Here is the final product, serving its main purpose:
For starters - what's in the cake? The top, middle and bottom layers were Chocolate Oblivion Truffle Tortes, the remaining two were Cordon Rose's Cheesecakes. All were frosted with White Chocolate Ganache, surrounded by a white chocolate band, and topped with berries. The size of the tiers was 12", 10", 8", 6" and 4". The highlights of the ingredient list were 50 eggs (happy, of course), 5 lbs of chocolate, 3 lbs of butter and sour cream. There were 90 guests, and we still had lots of cake left at the end.
To the details: I needed the layers to be 2.5 to 3" thick. No problem with the cheesecake, especially since I sandwiched the cheesecake between biscuit layers. But it is a slight problem with the Oblivion. Plus it's just waaaaayyyyy too much beaten egg to make 3.75x the original recipe in one go. I decided to bake two thinner layers, joined by a bit of ganache in between. Here are two takes of the process:
My 6 quart Kitchen Aid bowl was full to the brim as you can tell. Both were baked to about 148F internal temperature, a little longer than recommended in the recipe due to their size. I didn't have a big enough pan for a water bath, so I ended up putting the pan on a cookie sheet, filled with water, and surrounded by multiple layers of wet cloth, fashioned out of old sheets.
The front cake still has the contraption around it, slightly browned. It'll be folded up and put in the back of the cupboard for the next time I'm in need of a big waterbath.
The cheesecakes were uneventful, I think a 5 year old that can read could make them. Hubby had to help this time as I had to stay a day longer on a business trip and time was getting short for the prep, and while he was sweating over the smaller oblivions he had no problems whatsoever with the cheesecake.
The frosting was a white ganache. I had a few epiphanies this time - I've made and struggled with it so many times, as it tends to curdle, but in the end it all depends on the chocolate. I used Aldi's white chocolate this time and had no problems. Their chocolate also contains cocoa butter, but is very soft, melts easily, and is very yellow. Previously I've used Valrhona and Guittard, and both of them are prone to curdling.
The nice thing about using chocolate bands is that I didn't have to worry at all about how the frosting went on, as it's just use to stick the chocolate band on, none of it can be seen.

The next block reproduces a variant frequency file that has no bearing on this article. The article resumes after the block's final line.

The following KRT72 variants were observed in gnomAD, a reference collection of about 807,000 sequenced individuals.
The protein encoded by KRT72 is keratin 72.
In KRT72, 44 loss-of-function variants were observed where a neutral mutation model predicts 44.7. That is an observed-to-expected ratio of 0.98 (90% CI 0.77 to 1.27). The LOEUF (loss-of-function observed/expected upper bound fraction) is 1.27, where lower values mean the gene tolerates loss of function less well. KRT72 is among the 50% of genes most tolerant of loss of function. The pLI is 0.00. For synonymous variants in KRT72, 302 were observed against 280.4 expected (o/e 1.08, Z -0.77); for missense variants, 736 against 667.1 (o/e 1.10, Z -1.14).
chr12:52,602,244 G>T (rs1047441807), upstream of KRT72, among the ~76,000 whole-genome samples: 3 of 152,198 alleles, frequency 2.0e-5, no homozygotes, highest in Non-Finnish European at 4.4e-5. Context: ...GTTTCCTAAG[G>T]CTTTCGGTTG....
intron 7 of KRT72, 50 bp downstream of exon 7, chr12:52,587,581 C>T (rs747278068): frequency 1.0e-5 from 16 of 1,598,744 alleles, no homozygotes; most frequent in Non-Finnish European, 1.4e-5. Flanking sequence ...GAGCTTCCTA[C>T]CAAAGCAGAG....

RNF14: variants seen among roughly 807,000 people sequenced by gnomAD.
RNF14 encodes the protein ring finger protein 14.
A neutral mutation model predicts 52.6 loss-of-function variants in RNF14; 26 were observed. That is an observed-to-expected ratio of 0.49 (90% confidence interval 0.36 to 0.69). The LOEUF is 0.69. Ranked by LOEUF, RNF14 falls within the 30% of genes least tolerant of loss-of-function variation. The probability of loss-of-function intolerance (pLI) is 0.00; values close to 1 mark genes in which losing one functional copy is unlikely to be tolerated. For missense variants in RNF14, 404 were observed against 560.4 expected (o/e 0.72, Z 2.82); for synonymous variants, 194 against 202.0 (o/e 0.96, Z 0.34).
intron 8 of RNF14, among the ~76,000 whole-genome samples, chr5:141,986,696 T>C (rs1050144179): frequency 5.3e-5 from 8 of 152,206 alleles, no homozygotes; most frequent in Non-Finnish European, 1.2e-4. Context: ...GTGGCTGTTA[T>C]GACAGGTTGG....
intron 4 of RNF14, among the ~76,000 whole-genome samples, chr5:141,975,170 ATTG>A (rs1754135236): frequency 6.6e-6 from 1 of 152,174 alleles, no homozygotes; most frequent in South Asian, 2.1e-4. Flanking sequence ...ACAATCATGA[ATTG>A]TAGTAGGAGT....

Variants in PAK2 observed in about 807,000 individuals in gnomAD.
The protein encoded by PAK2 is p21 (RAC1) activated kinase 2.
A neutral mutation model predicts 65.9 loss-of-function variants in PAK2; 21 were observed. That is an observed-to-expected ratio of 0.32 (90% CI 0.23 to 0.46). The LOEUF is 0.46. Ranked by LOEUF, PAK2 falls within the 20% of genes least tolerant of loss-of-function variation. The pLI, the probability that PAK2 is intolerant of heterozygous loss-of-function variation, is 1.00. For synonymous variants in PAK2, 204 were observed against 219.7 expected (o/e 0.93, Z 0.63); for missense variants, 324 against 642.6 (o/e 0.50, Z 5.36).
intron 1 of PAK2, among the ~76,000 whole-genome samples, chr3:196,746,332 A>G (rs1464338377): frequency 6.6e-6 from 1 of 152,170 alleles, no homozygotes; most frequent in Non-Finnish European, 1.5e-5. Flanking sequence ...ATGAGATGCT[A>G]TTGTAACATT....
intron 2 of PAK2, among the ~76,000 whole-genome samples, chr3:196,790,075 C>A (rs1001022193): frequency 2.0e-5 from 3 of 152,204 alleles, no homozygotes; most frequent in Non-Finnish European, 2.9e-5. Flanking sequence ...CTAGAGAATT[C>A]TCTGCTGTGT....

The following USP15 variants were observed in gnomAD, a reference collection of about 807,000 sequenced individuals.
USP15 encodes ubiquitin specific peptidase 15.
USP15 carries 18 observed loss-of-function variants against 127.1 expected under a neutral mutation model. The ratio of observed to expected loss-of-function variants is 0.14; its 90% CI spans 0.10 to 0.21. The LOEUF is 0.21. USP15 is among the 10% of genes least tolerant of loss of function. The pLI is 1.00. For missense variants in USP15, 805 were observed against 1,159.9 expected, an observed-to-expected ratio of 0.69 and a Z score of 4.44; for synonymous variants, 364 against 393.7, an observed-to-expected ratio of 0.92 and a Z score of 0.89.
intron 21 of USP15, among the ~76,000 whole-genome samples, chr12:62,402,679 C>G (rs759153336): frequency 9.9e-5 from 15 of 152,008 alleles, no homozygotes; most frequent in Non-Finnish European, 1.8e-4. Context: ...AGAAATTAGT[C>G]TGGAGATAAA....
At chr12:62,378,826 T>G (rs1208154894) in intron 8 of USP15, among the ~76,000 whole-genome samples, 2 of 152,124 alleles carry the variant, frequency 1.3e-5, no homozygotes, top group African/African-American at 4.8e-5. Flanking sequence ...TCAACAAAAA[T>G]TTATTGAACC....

You can see my rather sloppy job.... 2 minutes per cake - done. None of the painstaking smoothing and squaring and despairing. Though I have to say that the investment in a turntable really paid off, as I say each time I use it.
The chocolate bands also are surprisingly easy.
You need to do a little math (really only a little) to calculate the circumference (for those math challenged amongst us - it's the diameter (aka pan size) times Pi (3.14)). Round the result up by about an inch to account for the added diameter due to the frosting, and for a bit of overlap, and write down everything. I used two chocolate bands for the two large layers, but I'd do in in one next time, especially when I have a helper.
Next you cut wax paper in stripes that are high enough (4" in my case), and long enough. Then you pour the melted chocolate on, and spread it out. I used the bottom of the wax paper to get a straight line for the bottom of the cake. And to get the top wavy, I cut top edge on the chocolate once it had hardened. Then carefully pick up the chocolate band, and wrap it around the cake. For the small cake I warmed the chocolate with my hand so it didn't crack. It's really easy. The biggest mistake you can make is to not let the chocolate harden enough, two of my layers were made when the kitchen was too warm and they got a bit of a krinkle look.
When the chocolate band adheres nicely, you can pull the wax paper off, and you're done!
Luckily we had a spare fridge in the garage, the leftover from our kitchen remodel, so there was no problem storing the cakes when they were done.
We transported the cakes to the wedding in the trunk. The chocolate band makes them fairly robust, and they are easy to stack, just by lifting them with a spatula on one side, and helping with your hand on the other. Much less dramatic than stacking a frosted cake! Of course I used Rose's time tested straw architecture inside, and even standing in 80 F for 3 hours didn't do anything to the cake, even though I was worried about the lower cheesecake layer.
Here it is again.... Hope I'll have the better pics soon!